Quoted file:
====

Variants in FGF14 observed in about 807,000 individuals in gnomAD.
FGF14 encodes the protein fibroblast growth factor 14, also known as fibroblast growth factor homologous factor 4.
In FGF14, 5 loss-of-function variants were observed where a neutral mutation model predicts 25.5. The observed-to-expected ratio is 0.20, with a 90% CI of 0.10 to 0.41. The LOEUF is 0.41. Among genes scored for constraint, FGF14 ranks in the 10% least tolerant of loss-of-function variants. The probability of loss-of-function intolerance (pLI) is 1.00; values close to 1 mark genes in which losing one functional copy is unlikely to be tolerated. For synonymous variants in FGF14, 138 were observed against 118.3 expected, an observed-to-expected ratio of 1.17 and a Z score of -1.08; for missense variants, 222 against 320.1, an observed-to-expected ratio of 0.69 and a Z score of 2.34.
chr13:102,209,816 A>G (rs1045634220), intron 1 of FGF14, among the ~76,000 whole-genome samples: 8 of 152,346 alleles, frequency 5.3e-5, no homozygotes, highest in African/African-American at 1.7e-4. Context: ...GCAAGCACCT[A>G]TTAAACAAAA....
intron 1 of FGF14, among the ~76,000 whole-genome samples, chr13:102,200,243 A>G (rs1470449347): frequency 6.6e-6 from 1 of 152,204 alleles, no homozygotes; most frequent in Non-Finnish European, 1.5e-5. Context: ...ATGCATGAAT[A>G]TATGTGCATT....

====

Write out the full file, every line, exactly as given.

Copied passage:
Variants in FGF14 observed in about 807,000 individuals in gnomAD.
FGF14 encodes the protein fibroblast growth factor 14, also known as fibroblast growth factor homologous factor 4.
In FGF14, 5 loss-of-function variants were observed where a neutral mutation model predicts 25.5. The observed-to-expected ratio is 0.20, with a 90% CI of 0.10 to 0.41. The LOEUF is 0.41. Among genes scored for constraint, FGF14 ranks in the 10% least tolerant of loss-of-function variants. The probability of loss-of-function intolerance (pLI) is 1.00; values close to 1 mark genes in which losing one functional copy is unlikely to be tolerated. For synonymous variants in FGF14, 138 were observed against 118.3 expected, an observed-to-expected ratio of 1.17 and a Z score of -1.08; for missense variants, 222 against 320.1, an observed-to-expected ratio of 0.69 and a Z score of 2.34.
chr13:102,209,816 A>G (rs1045634220), intron 1 of FGF14, among the ~76,000 whole-genome samples: 8 of 152,346 alleles, frequency 5.3e-5, no homozygotes, highest in African/African-American at 1.7e-4. Context: ...GCAAGCACCT[A>G]TTAAACAAAA....
intron 1 of FGF14, among the ~76,000 whole-genome samples, chr13:102,200,243 A>G (rs1470449347): frequency 6.6e-6 from 1 of 152,204 alleles, no homozygotes; most frequent in Non-Finnish European, 1.5e-5. Context: ...ATGCATGAAT[A>G]TATGTGCATT....